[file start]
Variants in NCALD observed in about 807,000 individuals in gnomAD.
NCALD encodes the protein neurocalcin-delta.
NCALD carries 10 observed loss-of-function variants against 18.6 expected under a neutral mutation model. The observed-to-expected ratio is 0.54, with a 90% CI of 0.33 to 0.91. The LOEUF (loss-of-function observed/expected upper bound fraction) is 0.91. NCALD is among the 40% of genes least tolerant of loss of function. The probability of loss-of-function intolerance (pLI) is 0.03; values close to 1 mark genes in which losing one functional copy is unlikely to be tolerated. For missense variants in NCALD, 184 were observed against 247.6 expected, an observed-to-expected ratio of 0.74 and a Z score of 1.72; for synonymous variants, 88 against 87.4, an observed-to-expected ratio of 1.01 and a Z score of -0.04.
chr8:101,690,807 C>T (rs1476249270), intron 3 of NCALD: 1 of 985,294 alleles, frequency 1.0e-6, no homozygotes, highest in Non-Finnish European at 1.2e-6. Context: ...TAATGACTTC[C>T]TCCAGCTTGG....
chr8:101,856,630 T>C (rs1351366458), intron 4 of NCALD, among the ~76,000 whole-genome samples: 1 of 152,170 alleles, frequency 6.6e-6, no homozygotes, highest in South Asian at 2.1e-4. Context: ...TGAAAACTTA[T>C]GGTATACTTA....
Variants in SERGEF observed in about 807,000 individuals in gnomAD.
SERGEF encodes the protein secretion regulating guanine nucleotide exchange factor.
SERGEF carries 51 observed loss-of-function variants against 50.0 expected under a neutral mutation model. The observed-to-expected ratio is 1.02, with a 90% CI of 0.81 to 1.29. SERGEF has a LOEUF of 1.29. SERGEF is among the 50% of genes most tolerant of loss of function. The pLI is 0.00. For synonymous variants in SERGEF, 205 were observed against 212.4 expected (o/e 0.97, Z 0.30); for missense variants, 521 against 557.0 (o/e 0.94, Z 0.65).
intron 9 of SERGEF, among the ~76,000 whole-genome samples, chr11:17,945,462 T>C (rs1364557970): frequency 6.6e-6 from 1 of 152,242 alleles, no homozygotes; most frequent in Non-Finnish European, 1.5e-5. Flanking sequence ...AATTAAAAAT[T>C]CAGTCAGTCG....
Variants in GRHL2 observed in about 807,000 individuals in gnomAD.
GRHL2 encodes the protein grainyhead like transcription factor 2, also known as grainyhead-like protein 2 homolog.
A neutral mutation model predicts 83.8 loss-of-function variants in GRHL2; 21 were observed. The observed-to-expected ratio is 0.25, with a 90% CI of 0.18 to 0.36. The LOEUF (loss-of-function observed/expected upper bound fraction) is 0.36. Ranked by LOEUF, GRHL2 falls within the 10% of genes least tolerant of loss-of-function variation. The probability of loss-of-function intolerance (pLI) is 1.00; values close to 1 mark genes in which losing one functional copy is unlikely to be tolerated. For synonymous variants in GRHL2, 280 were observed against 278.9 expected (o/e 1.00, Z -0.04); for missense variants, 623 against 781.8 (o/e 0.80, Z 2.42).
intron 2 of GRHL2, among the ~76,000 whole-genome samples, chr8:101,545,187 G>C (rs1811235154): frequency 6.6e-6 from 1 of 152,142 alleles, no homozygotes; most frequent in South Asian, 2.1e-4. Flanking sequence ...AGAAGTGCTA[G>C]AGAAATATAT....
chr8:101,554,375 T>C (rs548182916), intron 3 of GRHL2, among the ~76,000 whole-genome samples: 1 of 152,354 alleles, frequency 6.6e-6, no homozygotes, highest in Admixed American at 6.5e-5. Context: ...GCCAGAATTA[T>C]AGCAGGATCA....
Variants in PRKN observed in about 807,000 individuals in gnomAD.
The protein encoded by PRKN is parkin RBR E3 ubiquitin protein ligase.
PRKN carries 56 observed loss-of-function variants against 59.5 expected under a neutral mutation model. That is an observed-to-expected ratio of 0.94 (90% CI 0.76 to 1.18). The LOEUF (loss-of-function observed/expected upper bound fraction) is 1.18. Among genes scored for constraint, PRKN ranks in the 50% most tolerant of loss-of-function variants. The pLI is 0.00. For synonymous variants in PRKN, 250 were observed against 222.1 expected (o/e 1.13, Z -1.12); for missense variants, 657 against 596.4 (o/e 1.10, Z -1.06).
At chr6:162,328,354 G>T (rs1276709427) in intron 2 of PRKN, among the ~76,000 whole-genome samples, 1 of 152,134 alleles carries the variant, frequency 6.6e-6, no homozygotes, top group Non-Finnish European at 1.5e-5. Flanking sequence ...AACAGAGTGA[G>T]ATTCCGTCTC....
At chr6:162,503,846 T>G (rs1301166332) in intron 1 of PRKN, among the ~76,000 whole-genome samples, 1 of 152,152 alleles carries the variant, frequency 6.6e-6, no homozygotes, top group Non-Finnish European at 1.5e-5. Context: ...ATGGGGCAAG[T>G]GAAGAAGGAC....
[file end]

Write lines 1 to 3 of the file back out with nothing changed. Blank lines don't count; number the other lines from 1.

Variants in NCALD observed in about 807,000 individuals in gnomAD.
NCALD encodes the protein neurocalcin-delta.
NCALD carries 10 observed loss-of-function variants against 18.6 expected under a neutral mutation model. The observed-to-expected ratio is 0.54, with a 90% CI of 0.33 to 0.91. The LOEUF (loss-of-function observed/expected upper bound fraction) is 0.91. NCALD is among the 40% of genes least tolerant of loss of function. The probability of loss-of-function intolerance (pLI) is 0.03; values close to 1 mark genes in which losing one functional copy is unlikely to be tolerated. For missense variants in NCALD, 184 were observed against 247.6 expected, an observed-to-expected ratio of 0.74 and a Z score of 1.72; for synonymous variants, 88 against 87.4, an observed-to-expected ratio of 1.01 and a Z score of -0.04.